Otherwise, this book is amazing. I would highly recommend it as a very important resource for any new parent.
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1 of 1 people found the following review helpful
on March 20, 2004
I think this book truly empowers parents to get to know their baby, and to choose the parenting style that is best for them. The things they advocate strongly, like breastfeeding and carrying your baby for much of the day, have been shown in scientific studies to be very beneficial for children. There are also many researchers who are finding much evidence in support of co-sleeping. However, we do NOT co-sleep, and I feel no guilt from this book. Over and over again he insists, "if you resent it, change it" and "where mom and baby both sleep best is the best solution." He advocates taking weekly dates with the spouse, and emphasizes that moms MUST take care of themselves to take care of their babies.
The big downfall to this book is the lack of practical advice. For instance, while he acknowledges that co-sleeping isn't the best solution for some families, he doesn't offer much in the way of other advice. I really recommend supplementing this book with Elizabeth Pantley's No-Cry Sleep Solution (read when your baby is a newborn!!) and Gentle Baby Care. These, especially the sleep book, offer great, hands on practical advice to supplement the responsive, loving baby care theory that Sears promotes.
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on January 3, 2013
I first read this book during pregnancy, along with many others. At the time, many of their suggestions seemed more like an ideal to aspire to rather than a parenting philosophy I'd be able to put into place completely. But when DS came along I realized how many of the ideas presented just make common sense for a variety of reasons.

Parenthood isn't meant to be a passing hobby, and choosing for convenience over the needs of a baby is irresponsible. Having said that, there are aspects of AP that are, in fact, quite convenient to everyone in the family.

Every try navigating a stroller up a snowy hill to a bus stop, negotiate the bus and then a crowded mall? Or steering through a crowd at a parade or festival? Try doing the same thing using a sling or baby backpack and you'll never want to go back. The baby gets to ride closer, is in less danger of being tripped over, you have more freedom of movement and can keep your hands free to move. Everyone wins.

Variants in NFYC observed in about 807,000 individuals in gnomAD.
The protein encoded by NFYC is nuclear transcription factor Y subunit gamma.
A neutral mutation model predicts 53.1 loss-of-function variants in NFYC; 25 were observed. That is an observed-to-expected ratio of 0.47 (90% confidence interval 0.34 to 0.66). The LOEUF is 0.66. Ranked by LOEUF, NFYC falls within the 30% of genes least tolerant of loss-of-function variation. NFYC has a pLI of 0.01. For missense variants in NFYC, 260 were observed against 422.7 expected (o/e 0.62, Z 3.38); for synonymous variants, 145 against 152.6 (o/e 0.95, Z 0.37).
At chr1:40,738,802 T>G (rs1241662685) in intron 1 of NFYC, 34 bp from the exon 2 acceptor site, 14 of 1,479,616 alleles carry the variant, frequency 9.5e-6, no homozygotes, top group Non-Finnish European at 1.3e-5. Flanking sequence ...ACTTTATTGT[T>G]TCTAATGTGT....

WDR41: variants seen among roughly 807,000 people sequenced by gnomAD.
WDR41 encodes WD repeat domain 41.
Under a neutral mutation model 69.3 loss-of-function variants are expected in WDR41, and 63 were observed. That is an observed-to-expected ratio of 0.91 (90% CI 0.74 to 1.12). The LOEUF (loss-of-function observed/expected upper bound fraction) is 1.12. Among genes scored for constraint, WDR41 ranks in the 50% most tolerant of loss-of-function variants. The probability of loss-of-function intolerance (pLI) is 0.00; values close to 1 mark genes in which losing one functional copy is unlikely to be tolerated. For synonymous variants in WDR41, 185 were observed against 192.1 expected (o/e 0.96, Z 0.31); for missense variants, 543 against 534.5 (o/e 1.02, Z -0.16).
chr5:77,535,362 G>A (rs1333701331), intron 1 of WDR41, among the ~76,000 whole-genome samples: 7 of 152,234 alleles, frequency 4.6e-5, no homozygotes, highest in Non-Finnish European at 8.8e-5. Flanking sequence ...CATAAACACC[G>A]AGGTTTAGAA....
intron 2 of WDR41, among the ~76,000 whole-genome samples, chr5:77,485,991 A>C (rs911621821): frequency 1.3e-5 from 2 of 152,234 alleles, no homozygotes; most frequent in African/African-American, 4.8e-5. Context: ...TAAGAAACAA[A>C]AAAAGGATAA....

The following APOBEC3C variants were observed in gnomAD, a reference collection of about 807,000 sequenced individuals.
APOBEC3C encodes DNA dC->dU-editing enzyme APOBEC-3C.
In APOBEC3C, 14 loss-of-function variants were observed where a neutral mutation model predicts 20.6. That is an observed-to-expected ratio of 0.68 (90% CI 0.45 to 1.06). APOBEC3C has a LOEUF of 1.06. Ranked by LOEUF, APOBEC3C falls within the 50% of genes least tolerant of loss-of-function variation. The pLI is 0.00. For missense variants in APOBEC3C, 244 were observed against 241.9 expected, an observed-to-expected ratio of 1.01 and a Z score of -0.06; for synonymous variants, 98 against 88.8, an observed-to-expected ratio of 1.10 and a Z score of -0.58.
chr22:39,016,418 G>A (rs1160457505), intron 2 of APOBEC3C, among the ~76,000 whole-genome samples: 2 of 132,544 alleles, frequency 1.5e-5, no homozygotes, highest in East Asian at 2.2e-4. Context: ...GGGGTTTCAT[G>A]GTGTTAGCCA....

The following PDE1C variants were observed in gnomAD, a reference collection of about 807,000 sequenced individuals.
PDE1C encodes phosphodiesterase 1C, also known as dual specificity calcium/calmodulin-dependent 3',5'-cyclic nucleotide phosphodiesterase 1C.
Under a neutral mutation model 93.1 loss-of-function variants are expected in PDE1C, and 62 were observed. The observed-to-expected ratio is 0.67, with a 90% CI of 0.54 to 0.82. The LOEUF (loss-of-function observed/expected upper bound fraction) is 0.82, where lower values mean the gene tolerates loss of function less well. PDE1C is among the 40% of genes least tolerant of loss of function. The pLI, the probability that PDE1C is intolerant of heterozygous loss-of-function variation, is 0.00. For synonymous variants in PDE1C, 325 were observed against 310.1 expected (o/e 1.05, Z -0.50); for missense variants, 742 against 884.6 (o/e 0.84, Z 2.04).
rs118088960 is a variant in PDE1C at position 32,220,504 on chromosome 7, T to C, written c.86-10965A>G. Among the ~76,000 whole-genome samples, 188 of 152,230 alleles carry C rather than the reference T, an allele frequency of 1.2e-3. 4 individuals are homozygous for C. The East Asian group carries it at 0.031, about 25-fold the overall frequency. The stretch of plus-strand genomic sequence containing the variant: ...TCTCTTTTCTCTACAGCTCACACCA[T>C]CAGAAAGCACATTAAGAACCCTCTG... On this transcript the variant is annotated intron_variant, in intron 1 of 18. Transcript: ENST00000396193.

Some people still argue about crushing babies in bed. If you have some sort of sleep disorder that causes safety concerns, you can still use the "sidecar" method or have your baby in your room, and you and your baby will likely get a better rest than with more severe methods.

One thing we did that I haven't seen in his books but wouldn't change is "naked baby kicking time" which is much less granola than it sounds. After bath time, we took DS to a warmed room to play on a mat and let him explore and kick etc. for a while. Stricter AP proponents would have people hold their babies nearly constantly, but babies also need time to stretch, kick and explore. Magda Gerber was a proponent of such play, and while not all her ideas mesh with mine, I think she had it right with this one. Constant carrying could end up as physically restrictive as "car seat baby syndrome" (when parents keep their babies in car seats for long periods) if taken to excess.

Another point that doesn't always come through is that some cases of colic may be linked to food allergies or sensitivities; eliminating common allergens from the breastfeeding mom's diet can be very helpful in these cases, but requires a level of commitment that some moms may not be willing to make. OTOH, if it helps soothe a colicky baby, there are many moms who would be willing to try, if the idea were suggested. Since it may not help at all (it may be hard to find the food culprit, and food may not actually end up being the cause of the colic in the first place), many doctors and midwives are reluctant to suggest it.